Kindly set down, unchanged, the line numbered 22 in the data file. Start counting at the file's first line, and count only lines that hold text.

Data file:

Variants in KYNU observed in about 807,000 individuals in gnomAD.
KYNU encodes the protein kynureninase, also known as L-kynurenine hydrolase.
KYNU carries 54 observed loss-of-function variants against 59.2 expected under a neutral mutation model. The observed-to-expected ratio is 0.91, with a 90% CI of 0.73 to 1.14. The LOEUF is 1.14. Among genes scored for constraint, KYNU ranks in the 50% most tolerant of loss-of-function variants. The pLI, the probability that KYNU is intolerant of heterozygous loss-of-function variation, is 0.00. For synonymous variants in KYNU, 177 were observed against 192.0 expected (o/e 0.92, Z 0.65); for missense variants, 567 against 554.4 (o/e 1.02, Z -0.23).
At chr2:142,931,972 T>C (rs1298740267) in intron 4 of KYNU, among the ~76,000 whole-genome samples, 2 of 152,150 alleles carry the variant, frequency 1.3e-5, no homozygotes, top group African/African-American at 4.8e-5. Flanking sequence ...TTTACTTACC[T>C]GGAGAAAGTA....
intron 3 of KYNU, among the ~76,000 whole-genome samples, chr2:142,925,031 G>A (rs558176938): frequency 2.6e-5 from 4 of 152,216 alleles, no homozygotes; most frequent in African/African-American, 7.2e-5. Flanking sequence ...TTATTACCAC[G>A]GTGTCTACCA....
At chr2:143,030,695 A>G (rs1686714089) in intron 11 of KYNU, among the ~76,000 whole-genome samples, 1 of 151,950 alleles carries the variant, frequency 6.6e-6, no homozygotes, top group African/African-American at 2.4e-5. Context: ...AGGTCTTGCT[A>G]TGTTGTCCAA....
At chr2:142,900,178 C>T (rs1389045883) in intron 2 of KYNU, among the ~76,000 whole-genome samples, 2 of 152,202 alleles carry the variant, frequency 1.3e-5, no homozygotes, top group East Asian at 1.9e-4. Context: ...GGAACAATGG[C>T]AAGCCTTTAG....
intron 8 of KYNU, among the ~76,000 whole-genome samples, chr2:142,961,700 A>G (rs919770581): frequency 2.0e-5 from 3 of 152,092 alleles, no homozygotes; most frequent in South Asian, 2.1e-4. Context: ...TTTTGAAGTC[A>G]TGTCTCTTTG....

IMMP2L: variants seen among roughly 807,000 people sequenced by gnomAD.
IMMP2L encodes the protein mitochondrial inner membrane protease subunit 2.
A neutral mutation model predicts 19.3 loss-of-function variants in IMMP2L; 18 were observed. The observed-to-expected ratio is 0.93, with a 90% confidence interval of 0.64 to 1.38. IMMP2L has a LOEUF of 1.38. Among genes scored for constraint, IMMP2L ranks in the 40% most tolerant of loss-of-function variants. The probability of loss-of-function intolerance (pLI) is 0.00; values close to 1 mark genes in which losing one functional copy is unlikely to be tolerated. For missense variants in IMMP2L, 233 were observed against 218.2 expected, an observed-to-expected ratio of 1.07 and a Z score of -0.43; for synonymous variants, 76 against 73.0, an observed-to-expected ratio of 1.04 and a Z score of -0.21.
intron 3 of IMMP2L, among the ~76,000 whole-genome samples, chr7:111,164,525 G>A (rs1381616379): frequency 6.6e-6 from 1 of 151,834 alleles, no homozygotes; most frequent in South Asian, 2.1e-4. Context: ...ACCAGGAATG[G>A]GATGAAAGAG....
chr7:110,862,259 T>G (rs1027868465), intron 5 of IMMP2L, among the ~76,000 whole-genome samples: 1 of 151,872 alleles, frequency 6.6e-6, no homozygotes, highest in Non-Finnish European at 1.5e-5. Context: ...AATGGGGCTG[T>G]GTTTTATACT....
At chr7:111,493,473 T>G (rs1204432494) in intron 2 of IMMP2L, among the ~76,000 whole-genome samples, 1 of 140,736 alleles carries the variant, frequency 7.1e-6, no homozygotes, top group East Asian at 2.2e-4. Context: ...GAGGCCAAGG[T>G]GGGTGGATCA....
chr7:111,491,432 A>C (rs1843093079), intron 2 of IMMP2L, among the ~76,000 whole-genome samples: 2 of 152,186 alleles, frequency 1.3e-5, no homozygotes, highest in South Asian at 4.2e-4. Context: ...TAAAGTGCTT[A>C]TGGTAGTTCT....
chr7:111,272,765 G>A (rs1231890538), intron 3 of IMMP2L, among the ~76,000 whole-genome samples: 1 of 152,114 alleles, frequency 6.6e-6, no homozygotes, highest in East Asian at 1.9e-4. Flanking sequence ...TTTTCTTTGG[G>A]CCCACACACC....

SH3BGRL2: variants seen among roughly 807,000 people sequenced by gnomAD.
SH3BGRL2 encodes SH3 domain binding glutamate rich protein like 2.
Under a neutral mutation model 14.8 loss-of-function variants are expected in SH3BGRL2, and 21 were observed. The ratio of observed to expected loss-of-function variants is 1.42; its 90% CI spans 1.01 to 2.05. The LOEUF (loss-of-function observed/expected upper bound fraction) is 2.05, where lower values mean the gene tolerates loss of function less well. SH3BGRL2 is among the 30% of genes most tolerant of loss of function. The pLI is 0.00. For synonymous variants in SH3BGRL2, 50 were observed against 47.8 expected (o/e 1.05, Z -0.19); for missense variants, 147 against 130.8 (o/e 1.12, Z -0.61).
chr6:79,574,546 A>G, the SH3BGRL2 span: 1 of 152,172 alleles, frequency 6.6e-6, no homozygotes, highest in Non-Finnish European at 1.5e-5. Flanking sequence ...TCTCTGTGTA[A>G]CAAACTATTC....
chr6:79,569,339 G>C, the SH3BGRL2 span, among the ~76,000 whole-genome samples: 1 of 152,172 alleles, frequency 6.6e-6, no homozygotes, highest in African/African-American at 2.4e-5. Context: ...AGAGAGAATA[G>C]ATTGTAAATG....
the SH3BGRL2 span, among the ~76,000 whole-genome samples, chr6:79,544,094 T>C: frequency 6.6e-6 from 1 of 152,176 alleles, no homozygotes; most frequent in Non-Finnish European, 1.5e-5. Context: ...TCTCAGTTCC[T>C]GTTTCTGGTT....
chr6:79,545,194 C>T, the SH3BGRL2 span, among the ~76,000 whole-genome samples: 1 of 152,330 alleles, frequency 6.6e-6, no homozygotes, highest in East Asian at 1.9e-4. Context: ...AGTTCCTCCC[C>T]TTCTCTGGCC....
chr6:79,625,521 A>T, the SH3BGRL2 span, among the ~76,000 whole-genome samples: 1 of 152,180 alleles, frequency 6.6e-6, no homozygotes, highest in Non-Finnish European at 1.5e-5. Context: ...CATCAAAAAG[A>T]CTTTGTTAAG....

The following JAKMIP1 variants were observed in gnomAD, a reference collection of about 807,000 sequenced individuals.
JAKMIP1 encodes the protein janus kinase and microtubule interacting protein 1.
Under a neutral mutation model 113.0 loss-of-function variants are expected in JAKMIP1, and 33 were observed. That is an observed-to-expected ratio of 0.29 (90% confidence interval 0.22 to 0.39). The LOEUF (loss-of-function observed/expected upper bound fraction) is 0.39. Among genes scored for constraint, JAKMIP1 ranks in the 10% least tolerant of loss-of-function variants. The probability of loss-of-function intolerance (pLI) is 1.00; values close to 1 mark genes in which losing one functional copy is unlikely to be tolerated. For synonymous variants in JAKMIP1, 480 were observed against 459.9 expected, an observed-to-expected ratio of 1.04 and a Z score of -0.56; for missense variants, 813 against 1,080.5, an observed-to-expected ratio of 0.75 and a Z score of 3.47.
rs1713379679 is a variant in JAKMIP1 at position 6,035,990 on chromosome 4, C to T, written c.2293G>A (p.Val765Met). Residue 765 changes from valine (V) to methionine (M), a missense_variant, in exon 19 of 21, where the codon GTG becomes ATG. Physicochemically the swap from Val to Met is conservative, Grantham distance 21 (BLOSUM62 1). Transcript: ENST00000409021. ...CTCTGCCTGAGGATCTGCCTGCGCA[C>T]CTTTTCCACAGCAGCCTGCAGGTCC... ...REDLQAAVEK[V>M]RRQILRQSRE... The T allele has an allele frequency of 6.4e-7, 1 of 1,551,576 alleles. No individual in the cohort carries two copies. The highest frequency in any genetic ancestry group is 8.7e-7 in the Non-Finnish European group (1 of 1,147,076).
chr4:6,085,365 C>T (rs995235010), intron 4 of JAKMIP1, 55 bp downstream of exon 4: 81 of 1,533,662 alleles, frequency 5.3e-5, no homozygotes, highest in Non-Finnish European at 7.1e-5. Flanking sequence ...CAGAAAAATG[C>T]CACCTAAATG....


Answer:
the SH3BGRL2 span, among the ~76,000 whole-genome samples, chr6:79,544,094 T>C: frequency 6.6e-6 from 1 of 152,176 alleles, no homozygotes; most frequent in Non-Finnish European, 1.5e-5. Context: ...TCTCAGTTCC[T>C]GTTTCTGGTT....